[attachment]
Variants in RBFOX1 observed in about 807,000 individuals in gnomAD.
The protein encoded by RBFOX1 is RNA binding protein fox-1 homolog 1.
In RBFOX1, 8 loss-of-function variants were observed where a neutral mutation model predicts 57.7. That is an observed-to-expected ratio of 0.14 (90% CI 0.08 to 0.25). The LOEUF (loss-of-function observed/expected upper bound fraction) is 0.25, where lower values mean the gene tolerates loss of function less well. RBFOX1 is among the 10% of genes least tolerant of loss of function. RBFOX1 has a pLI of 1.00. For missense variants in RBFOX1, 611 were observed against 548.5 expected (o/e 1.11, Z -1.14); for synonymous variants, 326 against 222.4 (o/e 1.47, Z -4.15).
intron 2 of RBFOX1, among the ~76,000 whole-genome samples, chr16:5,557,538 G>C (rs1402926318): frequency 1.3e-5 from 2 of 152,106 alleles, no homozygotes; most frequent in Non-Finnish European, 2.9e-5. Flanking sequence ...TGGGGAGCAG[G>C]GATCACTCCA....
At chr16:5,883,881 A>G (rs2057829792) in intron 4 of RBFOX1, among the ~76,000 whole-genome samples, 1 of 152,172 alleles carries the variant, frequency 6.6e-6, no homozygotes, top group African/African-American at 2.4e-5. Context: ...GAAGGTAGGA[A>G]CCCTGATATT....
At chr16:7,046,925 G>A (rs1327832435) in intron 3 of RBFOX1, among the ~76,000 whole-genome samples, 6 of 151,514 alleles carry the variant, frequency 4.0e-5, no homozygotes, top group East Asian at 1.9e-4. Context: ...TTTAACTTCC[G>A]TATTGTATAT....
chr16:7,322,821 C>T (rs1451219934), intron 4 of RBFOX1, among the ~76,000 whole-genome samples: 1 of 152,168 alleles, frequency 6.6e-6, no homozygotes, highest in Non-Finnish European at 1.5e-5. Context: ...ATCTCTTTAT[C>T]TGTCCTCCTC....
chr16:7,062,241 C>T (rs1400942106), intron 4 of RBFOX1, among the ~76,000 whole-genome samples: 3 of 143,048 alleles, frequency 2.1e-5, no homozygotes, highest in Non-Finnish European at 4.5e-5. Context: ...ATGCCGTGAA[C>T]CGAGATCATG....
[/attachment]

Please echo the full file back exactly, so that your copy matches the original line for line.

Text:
Variants in RBFOX1 observed in about 807,000 individuals in gnomAD.
The protein encoded by RBFOX1 is RNA binding protein fox-1 homolog 1.
In RBFOX1, 8 loss-of-function variants were observed where a neutral mutation model predicts 57.7. That is an observed-to-expected ratio of 0.14 (90% CI 0.08 to 0.25). The LOEUF (loss-of-function observed/expected upper bound fraction) is 0.25, where lower values mean the gene tolerates loss of function less well. RBFOX1 is among the 10% of genes least tolerant of loss of function. RBFOX1 has a pLI of 1.00. For missense variants in RBFOX1, 611 were observed against 548.5 expected (o/e 1.11, Z -1.14); for synonymous variants, 326 against 222.4 (o/e 1.47, Z -4.15).
intron 2 of RBFOX1, among the ~76,000 whole-genome samples, chr16:5,557,538 G>C (rs1402926318): frequency 1.3e-5 from 2 of 152,106 alleles, no homozygotes; most frequent in Non-Finnish European, 2.9e-5. Flanking sequence ...TGGGGAGCAG[G>C]GATCACTCCA....
At chr16:5,883,881 A>G (rs2057829792) in intron 4 of RBFOX1, among the ~76,000 whole-genome samples, 1 of 152,172 alleles carries the variant, frequency 6.6e-6, no homozygotes, top group African/African-American at 2.4e-5. Context: ...GAAGGTAGGA[A>G]CCCTGATATT....
At chr16:7,046,925 G>A (rs1327832435) in intron 3 of RBFOX1, among the ~76,000 whole-genome samples, 6 of 151,514 alleles carry the variant, frequency 4.0e-5, no homozygotes, top group East Asian at 1.9e-4. Context: ...TTTAACTTCC[G>A]TATTGTATAT....
chr16:7,322,821 C>T (rs1451219934), intron 4 of RBFOX1, among the ~76,000 whole-genome samples: 1 of 152,168 alleles, frequency 6.6e-6, no homozygotes, highest in Non-Finnish European at 1.5e-5. Context: ...ATCTCTTTAT[C>T]TGTCCTCCTC....
chr16:7,062,241 C>T (rs1400942106), intron 4 of RBFOX1, among the ~76,000 whole-genome samples: 3 of 143,048 alleles, frequency 2.1e-5, no homozygotes, highest in Non-Finnish European at 4.5e-5. Context: ...ATGCCGTGAA[C>T]CGAGATCATG....